Creating and linking against static library - Unix

This is a discussion on Creating and linking against static library - Unix ; In folder LIB, I have the files mylibrary.cpp, mylibrary.o, and libmylibrary.a In my code, I include . The code compiles fine, but I can't link against 'libmylibrary.a'. If I run "g++ *.o LIB/ mylibrary.o", everything works fine. If I run ...

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Thread: Creating and linking against static library

  1. Creating and linking against static library

    In folder LIB, I have the files mylibrary.cpp, mylibrary.o, and
    libmylibrary.a

    In my code, I include . The code compiles fine, but I
    can't link against 'libmylibrary.a'. If I run "g++ *.o LIB/
    mylibrary.o", everything works fine. If I run "g++ -LLIB -lmylibrary
    *.o", the linker seems to find libmylibrary.a, since I don't get an
    error about it, but I get errors for every function in mylibrary.cpp.
    I created libmylibrary.a by running "ar rcs libmylibrary.a
    mylibrary.o", and I don't even know where the problem could be. My
    flags for compiling mylibrary are "-Wall -c -O2 -march=nocona -
    mfpmath=sse -mmmx -msse -msse2 -m64", plus a few -I's and -D's (for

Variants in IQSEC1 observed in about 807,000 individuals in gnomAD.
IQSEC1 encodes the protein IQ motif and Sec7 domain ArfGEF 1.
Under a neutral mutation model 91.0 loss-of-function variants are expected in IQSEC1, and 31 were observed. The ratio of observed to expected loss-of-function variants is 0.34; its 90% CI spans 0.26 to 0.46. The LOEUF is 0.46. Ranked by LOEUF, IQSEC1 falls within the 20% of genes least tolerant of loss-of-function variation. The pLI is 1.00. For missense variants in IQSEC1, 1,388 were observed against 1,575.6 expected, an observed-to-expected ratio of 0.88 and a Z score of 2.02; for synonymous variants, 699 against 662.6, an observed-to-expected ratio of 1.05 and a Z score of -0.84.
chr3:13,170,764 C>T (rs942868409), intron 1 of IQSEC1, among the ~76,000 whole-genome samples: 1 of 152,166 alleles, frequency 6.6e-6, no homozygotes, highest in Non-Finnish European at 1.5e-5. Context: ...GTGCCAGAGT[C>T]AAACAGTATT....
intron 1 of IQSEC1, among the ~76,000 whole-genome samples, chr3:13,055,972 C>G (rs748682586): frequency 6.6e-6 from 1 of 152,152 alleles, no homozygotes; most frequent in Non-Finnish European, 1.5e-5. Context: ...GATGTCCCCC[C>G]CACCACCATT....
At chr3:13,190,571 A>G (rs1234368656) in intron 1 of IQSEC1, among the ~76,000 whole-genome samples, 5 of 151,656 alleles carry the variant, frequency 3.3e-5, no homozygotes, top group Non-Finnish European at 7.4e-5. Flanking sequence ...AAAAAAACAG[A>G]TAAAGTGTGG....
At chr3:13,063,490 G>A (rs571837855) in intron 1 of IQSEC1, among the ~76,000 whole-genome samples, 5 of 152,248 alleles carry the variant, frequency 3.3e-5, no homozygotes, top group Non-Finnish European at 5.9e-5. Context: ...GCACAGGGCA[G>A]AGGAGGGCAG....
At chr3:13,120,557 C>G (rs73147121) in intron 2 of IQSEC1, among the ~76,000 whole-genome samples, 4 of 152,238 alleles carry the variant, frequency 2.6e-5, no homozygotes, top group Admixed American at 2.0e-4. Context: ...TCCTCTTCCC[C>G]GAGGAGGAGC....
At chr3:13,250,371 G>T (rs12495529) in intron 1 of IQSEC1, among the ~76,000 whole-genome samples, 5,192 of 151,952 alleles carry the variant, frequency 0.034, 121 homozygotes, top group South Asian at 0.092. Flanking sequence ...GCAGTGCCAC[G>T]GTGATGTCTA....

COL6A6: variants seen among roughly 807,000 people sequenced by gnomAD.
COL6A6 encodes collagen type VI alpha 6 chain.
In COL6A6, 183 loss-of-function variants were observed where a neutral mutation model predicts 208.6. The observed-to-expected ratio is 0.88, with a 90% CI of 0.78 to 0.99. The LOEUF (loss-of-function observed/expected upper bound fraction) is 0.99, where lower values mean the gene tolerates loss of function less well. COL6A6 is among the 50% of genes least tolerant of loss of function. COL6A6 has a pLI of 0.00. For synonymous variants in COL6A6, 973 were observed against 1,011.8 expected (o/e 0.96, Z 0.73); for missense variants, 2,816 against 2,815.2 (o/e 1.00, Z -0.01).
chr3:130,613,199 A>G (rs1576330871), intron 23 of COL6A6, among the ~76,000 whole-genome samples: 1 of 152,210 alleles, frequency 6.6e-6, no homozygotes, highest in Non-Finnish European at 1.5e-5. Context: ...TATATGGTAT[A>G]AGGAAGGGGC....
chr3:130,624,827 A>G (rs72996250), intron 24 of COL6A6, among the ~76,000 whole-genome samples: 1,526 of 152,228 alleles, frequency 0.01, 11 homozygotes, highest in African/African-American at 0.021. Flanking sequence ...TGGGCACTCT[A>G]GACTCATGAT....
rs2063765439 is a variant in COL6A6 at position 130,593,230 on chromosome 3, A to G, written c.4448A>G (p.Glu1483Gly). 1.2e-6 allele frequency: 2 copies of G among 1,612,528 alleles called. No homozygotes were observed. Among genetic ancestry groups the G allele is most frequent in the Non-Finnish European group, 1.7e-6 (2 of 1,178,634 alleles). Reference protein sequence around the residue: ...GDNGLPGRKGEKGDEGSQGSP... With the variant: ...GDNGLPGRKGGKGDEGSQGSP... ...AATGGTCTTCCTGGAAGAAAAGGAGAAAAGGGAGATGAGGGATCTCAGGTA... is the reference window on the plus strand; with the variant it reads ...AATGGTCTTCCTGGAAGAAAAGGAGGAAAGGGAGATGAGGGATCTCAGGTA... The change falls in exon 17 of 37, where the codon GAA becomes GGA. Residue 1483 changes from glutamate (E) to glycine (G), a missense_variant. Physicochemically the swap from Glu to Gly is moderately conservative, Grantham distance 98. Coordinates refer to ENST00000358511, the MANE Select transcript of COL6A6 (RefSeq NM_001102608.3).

the OTL library). I can't imagine any of those causing a problem.

  2. Re: Creating and linking against static library

    jbo5112 writes:

    > In folder LIB, I have the files mylibrary.cpp, mylibrary.o, and
    > libmylibrary.a
    >
    > In my code, I include . The code compiles fine, but I
    > can't link against 'libmylibrary.a'. If I run "g++ *.o LIB/
    > mylibrary.o", everything works fine. If I run "g++ -LLIB -lmylibrary
    > *.o", the linker seems to find libmylibrary.a, since I don't get an
    > error about it, but I get errors for every function in mylibrary.cpp.
    > I created libmylibrary.a by running "ar rcs libmylibrary.a
    > mylibrary.o", and I don't even know where the problem could be. My
    > flags for compiling mylibrary are "-Wall -c -O2 -march=nocona -
    > mfpmath=sse -mmmx -msse -msse2 -m64", plus a few -I's and -D's (for
    > the OTL library). I can't imagine any of those causing a problem.


    Short answer: try

    g++ -LLIB *.o -lmylibrary

    Long answer: a static library is really just a bunch of .o files stuck
    together in a fairly simple way (indeed, ar(1) started life as a
    generic file archiver, and is still sometimes used for that purpose).
    When you link with a static library, the linker examines each object
    files it contains and, if it defines symbols that are referenced but
    not yet defined, it pulls in that object. Other objects are not
    pulled in. That way, when you link with libc.a, you don't get a
    megabyte of unnecessary code if you only called strcpy().

    This scanning is done in a one-pass manner by default. Thus, when you
    specify -lmylibrary before any other object files, when the linker
    examines it, no symbols have been referenced yet, so it sees no need
    to pull in any object contained in libmylibrary.a.

    When you explicitly specify a .o file to ld, it unconditionally pulls
    it into the link, whether it has been referenced or not. This